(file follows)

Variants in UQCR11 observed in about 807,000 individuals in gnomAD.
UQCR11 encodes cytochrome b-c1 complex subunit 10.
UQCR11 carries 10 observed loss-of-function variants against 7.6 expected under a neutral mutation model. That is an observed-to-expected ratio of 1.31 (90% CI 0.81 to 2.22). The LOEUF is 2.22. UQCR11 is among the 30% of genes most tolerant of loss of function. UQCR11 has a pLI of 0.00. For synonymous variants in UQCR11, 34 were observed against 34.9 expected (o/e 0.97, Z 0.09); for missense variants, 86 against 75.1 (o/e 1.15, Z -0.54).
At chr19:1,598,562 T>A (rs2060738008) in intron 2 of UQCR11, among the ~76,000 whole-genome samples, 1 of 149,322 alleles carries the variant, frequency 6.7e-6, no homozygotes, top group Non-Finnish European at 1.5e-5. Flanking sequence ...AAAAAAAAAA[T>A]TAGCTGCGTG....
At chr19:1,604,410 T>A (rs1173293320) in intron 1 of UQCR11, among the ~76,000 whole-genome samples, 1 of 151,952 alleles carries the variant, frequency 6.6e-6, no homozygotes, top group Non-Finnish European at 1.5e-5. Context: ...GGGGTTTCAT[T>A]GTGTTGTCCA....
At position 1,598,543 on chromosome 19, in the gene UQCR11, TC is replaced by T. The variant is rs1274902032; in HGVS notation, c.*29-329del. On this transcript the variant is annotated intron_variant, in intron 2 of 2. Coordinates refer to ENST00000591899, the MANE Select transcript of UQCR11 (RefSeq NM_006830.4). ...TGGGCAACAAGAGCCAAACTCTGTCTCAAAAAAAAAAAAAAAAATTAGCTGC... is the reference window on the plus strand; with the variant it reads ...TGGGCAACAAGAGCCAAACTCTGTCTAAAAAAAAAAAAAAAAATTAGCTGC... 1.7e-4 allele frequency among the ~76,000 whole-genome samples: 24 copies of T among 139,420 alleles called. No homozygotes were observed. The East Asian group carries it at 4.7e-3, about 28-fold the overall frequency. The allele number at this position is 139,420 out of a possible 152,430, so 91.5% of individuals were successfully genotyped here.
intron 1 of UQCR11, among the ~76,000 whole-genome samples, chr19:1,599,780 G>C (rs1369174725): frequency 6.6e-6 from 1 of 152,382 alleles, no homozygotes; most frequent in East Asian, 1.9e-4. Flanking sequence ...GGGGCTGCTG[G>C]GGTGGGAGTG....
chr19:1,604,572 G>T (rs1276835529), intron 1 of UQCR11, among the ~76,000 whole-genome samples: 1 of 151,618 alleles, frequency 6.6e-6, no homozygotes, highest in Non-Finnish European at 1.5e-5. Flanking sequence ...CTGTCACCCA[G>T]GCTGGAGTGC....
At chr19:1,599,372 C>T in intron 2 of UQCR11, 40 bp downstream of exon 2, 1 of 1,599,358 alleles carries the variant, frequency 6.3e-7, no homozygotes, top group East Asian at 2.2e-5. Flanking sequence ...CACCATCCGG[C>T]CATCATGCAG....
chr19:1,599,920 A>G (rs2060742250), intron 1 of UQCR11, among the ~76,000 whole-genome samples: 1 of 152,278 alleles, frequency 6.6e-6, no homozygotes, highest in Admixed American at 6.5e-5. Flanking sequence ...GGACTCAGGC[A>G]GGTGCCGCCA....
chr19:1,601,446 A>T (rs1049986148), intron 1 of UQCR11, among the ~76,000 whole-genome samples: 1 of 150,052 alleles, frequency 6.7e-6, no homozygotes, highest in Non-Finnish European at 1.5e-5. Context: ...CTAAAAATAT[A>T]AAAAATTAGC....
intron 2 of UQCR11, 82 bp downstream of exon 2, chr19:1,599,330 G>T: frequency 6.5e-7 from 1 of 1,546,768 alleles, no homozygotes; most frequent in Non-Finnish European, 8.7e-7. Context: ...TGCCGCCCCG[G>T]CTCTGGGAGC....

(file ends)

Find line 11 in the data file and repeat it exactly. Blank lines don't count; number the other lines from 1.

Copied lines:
chr19:1,601,446 A>T (rs1049986148), intron 1 of UQCR11, among the ~76,000 whole-genome samples: 1 of 150,052 alleles, frequency 6.7e-6, no homozygotes, highest in Non-Finnish European at 1.5e-5. Context: ...CTAAAAATAT[A>T]AAAAATTAGC....